The Office of the Ombudsman in Samoa was established under the Komesina o Sulufaiga (Ombudsman) Act 1988 with just a conventional Ombudsman function. The Ombudsman (Komesina o Sulufaiga) Act 2013, enacted on 6 June 2013, expanded the mandate to include the National Human Rights Institution of Samoa (NHRI), as well as a Special Investigation Unit (SIU) mandate to independently monitor, and where necessary investigate the exercise of coercive powers by the Police and any other designated disciplined force
The Ombudsman is an independent officer of Parliament, appointed by the Head of State on the recommendation of Parliament for a term of 6 years and; is eligible for reappointment; and on expiry of the term, continues in office until reappointed or a successor takes the oath of office; pursuant to the selection processes and criteria set out in Schedule 3 of the Ombudsman Act 2013. There have been three Ombudsmen since the Office was established:
The three Ombudsmen appointees have had very distinguished careers in public life. Prof Richardson was the first Australian Commonwealth Ombudsman; Vaovasamanaia Phillips was a former Chief Justice and well known member of Parliament (Cabinet Minister); Maiava Iulai Toma has held senior government and diplomatic positions including Secretary to Government and Samoa’s Ambassador to the United Nations and the United States of America.
Relationship to Government & Parliament
The Ombudsman is an independent Officer of Parliament and is independent of the Executive government and must independently carry out the functions, duties and powers under the Act; and when carrying out the functions, duties and powers is not subject to a direction or influenced by a person, office holder or authority. He must not become a Member of Parliament while in Office or without the approval of the Speaker in each particular case, hold any other office or employment or engage in any activity or practice that may in any way conflict with the Ombudsman’s actual or perceived independence or impartiality. The Ombudsman may, in writing to the Head of State, resign from Office.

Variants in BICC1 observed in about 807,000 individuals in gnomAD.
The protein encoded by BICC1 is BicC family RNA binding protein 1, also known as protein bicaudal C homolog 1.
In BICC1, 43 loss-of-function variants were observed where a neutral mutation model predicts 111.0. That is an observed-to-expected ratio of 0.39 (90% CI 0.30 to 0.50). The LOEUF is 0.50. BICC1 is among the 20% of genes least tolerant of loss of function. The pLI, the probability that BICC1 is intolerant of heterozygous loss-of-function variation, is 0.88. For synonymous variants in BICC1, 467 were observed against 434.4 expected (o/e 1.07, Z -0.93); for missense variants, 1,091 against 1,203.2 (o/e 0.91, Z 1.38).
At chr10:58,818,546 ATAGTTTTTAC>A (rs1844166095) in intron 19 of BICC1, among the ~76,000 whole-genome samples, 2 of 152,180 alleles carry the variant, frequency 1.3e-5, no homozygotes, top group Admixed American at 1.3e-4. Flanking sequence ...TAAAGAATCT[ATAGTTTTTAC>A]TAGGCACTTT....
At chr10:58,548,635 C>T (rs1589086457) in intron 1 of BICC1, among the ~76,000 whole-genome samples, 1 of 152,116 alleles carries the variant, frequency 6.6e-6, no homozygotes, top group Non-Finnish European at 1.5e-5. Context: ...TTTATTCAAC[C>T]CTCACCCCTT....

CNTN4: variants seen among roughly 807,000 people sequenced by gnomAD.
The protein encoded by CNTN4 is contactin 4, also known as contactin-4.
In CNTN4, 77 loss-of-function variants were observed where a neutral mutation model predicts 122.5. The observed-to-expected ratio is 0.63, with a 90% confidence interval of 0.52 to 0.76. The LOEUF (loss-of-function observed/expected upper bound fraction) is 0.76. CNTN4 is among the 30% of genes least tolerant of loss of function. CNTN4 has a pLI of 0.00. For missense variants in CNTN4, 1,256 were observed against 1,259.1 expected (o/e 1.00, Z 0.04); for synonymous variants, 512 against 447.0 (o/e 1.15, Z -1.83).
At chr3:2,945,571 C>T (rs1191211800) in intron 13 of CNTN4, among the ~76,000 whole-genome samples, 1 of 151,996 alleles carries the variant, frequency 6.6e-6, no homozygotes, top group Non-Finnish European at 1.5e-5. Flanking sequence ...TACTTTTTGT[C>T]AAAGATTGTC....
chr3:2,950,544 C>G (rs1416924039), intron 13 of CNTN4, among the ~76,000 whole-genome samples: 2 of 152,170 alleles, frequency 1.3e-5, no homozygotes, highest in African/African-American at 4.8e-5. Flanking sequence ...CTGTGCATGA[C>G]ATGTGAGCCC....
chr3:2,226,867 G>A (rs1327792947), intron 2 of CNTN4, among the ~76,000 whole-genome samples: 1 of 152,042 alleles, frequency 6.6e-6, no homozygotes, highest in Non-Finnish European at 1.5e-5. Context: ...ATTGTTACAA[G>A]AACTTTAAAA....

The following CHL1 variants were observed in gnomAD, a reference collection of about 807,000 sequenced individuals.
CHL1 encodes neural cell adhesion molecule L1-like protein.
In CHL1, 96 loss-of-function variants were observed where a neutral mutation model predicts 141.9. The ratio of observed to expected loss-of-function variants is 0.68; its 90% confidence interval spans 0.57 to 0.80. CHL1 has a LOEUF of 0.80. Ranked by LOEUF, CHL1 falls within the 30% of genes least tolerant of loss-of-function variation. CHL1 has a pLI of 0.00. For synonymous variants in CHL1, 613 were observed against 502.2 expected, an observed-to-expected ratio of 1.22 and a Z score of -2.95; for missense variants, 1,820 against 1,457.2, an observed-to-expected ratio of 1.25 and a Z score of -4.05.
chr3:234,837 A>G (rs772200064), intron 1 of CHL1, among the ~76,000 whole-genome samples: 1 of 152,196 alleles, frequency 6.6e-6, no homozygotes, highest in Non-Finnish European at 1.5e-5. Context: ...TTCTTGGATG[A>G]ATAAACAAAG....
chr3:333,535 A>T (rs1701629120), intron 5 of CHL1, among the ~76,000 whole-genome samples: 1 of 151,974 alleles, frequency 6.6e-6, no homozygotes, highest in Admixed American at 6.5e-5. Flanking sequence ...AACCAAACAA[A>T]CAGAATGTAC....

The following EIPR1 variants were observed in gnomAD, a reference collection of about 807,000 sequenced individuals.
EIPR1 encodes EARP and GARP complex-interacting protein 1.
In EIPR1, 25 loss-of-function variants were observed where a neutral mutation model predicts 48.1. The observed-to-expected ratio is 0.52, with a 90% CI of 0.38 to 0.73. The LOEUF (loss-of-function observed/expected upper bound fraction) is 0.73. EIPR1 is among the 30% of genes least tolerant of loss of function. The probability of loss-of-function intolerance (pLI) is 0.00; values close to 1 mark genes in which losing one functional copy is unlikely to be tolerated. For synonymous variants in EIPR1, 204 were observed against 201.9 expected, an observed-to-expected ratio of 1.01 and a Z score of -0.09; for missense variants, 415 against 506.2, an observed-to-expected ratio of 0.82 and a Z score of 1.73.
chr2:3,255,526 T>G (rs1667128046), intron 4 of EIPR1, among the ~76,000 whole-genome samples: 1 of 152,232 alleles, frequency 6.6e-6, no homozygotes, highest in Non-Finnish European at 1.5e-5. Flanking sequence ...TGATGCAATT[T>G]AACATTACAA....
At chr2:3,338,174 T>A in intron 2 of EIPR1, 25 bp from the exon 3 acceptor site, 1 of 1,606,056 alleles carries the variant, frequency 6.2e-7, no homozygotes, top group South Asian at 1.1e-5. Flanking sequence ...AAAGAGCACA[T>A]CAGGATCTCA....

Without affecting other reporting provisions in this Act, the Ombudsman must in each year, prepare an Annual report setting out the operations and financial matters of the Ombudsman for the preceding year. The Ombudsman must send the Annual report to the Speaker for tabling in parliament under its Standing Orders.
Public sector agencies are protective of turf and status and tend thereby to be confrontational in their relations with each other. The Ombudsman is sometimes conscious of difficulties of this nature in dealings with public agencies.
It has to be appreciated that the Ombudsman does not get involved in issues he takes up for his own personal or institutional gratification. The functions and powers of the Ombudsman are given to him to be exercised in the right of the citizen who otherwise would be relatively powerless against a governmental agency with which that citizen may take issue on matters of importance to him.